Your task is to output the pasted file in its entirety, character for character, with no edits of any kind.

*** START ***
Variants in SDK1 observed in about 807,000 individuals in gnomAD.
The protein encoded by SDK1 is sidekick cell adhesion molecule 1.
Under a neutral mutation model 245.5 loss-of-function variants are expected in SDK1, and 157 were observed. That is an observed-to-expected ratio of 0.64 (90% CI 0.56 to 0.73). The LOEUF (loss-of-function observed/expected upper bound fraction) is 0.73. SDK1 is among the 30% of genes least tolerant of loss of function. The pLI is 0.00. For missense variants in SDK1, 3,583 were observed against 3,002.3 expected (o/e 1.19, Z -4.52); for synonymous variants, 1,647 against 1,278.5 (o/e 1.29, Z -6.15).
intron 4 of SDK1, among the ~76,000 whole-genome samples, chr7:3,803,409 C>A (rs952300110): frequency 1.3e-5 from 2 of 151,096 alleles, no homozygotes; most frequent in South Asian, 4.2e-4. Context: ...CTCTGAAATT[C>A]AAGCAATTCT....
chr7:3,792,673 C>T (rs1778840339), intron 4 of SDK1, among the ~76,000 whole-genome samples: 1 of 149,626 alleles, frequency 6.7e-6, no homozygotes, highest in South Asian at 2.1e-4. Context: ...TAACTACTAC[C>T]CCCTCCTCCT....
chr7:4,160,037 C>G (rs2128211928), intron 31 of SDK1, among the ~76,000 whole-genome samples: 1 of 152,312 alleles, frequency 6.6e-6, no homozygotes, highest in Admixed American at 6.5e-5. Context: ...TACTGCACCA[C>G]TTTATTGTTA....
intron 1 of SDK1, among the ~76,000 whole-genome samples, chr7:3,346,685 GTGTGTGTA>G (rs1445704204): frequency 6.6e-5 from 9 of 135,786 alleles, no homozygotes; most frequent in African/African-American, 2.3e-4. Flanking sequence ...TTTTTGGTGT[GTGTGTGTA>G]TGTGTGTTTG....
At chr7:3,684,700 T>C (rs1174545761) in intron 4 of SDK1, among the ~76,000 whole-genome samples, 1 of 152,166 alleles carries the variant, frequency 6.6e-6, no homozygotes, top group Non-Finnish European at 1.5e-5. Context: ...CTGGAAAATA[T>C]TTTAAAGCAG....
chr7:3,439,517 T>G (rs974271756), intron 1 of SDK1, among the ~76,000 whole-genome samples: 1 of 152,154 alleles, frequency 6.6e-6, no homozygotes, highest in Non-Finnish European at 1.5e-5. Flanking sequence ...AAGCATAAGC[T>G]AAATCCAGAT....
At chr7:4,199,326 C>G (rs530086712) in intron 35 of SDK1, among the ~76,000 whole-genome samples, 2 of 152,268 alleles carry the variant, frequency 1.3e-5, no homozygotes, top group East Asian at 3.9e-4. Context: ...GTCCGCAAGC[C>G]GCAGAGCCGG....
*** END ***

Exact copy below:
Variants in SDK1 observed in about 807,000 individuals in gnomAD.
The protein encoded by SDK1 is sidekick cell adhesion molecule 1.
Under a neutral mutation model 245.5 loss-of-function variants are expected in SDK1, and 157 were observed. That is an observed-to-expected ratio of 0.64 (90% CI 0.56 to 0.73). The LOEUF (loss-of-function observed/expected upper bound fraction) is 0.73. SDK1 is among the 30% of genes least tolerant of loss of function. The pLI is 0.00. For missense variants in SDK1, 3,583 were observed against 3,002.3 expected (o/e 1.19, Z -4.52); for synonymous variants, 1,647 against 1,278.5 (o/e 1.29, Z -6.15).
intron 4 of SDK1, among the ~76,000 whole-genome samples, chr7:3,803,409 C>A (rs952300110): frequency 1.3e-5 from 2 of 151,096 alleles, no homozygotes; most frequent in South Asian, 4.2e-4. Context: ...CTCTGAAATT[C>A]AAGCAATTCT....
chr7:3,792,673 C>T (rs1778840339), intron 4 of SDK1, among the ~76,000 whole-genome samples: 1 of 149,626 alleles, frequency 6.7e-6, no homozygotes, highest in South Asian at 2.1e-4. Context: ...TAACTACTAC[C>T]CCCTCCTCCT....
chr7:4,160,037 C>G (rs2128211928), intron 31 of SDK1, among the ~76,000 whole-genome samples: 1 of 152,312 alleles, frequency 6.6e-6, no homozygotes, highest in Admixed American at 6.5e-5. Context: ...TACTGCACCA[C>G]TTTATTGTTA....
intron 1 of SDK1, among the ~76,000 whole-genome samples, chr7:3,346,685 GTGTGTGTA>G (rs1445704204): frequency 6.6e-5 from 9 of 135,786 alleles, no homozygotes; most frequent in African/African-American, 2.3e-4. Flanking sequence ...TTTTTGGTGT[GTGTGTGTA>G]TGTGTGTTTG....
At chr7:3,684,700 T>C (rs1174545761) in intron 4 of SDK1, among the ~76,000 whole-genome samples, 1 of 152,166 alleles carries the variant, frequency 6.6e-6, no homozygotes, top group Non-Finnish European at 1.5e-5. Context: ...CTGGAAAATA[T>C]TTTAAAGCAG....
chr7:3,439,517 T>G (rs974271756), intron 1 of SDK1, among the ~76,000 whole-genome samples: 1 of 152,154 alleles, frequency 6.6e-6, no homozygotes, highest in Non-Finnish European at 1.5e-5. Flanking sequence ...AAGCATAAGC[T>G]AAATCCAGAT....
At chr7:4,199,326 C>G (rs530086712) in intron 35 of SDK1, among the ~76,000 whole-genome samples, 2 of 152,268 alleles carry the variant, frequency 1.3e-5, no homozygotes, top group East Asian at 3.9e-4. Context: ...GTCCGCAAGC[C>G]GCAGAGCCGG....